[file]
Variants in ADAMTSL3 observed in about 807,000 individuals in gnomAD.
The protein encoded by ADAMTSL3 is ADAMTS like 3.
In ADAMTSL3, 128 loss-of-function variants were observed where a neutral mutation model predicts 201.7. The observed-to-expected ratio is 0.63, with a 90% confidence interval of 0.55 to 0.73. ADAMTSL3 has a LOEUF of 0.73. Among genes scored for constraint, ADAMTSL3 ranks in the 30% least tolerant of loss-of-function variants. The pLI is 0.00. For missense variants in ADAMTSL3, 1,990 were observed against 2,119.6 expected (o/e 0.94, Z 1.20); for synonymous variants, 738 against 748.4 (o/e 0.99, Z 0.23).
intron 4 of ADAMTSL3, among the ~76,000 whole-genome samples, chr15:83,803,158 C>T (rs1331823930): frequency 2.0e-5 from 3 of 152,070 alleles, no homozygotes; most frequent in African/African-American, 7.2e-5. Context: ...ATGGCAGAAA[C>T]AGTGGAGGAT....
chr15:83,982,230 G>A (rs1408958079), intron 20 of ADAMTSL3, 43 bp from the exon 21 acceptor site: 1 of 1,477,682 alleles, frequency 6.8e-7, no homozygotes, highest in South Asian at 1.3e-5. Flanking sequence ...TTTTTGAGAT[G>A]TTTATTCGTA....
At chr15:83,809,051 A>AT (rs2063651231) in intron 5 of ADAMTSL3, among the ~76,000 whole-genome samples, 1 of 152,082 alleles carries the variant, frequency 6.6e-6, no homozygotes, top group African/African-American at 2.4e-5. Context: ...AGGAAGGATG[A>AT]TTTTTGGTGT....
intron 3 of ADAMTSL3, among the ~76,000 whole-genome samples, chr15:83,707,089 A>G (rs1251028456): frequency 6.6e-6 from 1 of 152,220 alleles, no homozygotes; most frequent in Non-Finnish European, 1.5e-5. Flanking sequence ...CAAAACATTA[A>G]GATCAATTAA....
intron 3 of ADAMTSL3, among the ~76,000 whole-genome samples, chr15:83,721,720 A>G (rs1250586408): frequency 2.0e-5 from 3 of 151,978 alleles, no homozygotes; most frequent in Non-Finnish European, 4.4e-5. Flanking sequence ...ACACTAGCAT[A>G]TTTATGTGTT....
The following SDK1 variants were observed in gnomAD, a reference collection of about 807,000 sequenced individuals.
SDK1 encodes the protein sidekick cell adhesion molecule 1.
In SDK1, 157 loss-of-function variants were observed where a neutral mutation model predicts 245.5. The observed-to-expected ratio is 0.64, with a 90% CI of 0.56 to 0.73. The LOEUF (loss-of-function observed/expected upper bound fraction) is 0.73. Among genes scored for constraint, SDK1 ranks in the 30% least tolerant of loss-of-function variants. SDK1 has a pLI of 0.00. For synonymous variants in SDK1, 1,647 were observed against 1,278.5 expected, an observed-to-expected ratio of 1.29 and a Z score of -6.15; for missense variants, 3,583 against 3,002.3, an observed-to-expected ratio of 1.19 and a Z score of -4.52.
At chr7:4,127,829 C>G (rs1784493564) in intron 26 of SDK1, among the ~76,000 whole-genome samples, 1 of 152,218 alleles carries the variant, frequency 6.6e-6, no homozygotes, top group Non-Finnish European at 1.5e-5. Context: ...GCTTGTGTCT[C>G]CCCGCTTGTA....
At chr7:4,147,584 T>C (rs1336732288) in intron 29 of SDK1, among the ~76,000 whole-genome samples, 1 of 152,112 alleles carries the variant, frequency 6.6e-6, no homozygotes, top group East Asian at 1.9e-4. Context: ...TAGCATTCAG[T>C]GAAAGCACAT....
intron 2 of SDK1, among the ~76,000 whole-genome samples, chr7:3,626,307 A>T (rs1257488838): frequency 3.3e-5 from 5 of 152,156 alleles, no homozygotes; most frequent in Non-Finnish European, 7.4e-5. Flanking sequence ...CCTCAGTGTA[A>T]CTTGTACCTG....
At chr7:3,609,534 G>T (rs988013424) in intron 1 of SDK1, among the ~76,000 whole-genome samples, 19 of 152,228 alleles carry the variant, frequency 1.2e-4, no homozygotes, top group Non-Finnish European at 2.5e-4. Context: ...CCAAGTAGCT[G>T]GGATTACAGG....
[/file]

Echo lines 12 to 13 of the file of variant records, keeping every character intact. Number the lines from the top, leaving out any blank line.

At chr7:4,127,829 C>G (rs1784493564) in intron 26 of SDK1, among the ~76,000 whole-genome samples, 1 of 152,218 alleles carries the variant, frequency 6.6e-6, no homozygotes, top group Non-Finnish European at 1.5e-5. Context: ...GCTTGTGTCT[C>G]CCCGCTTGTA....
At chr7:4,147,584 T>C (rs1336732288) in intron 29 of SDK1, among the ~76,000 whole-genome samples, 1 of 152,112 alleles carries the variant, frequency 6.6e-6, no homozygotes, top group East Asian at 1.9e-4. Context: ...TAGCATTCAG[T>C]GAAAGCACAT....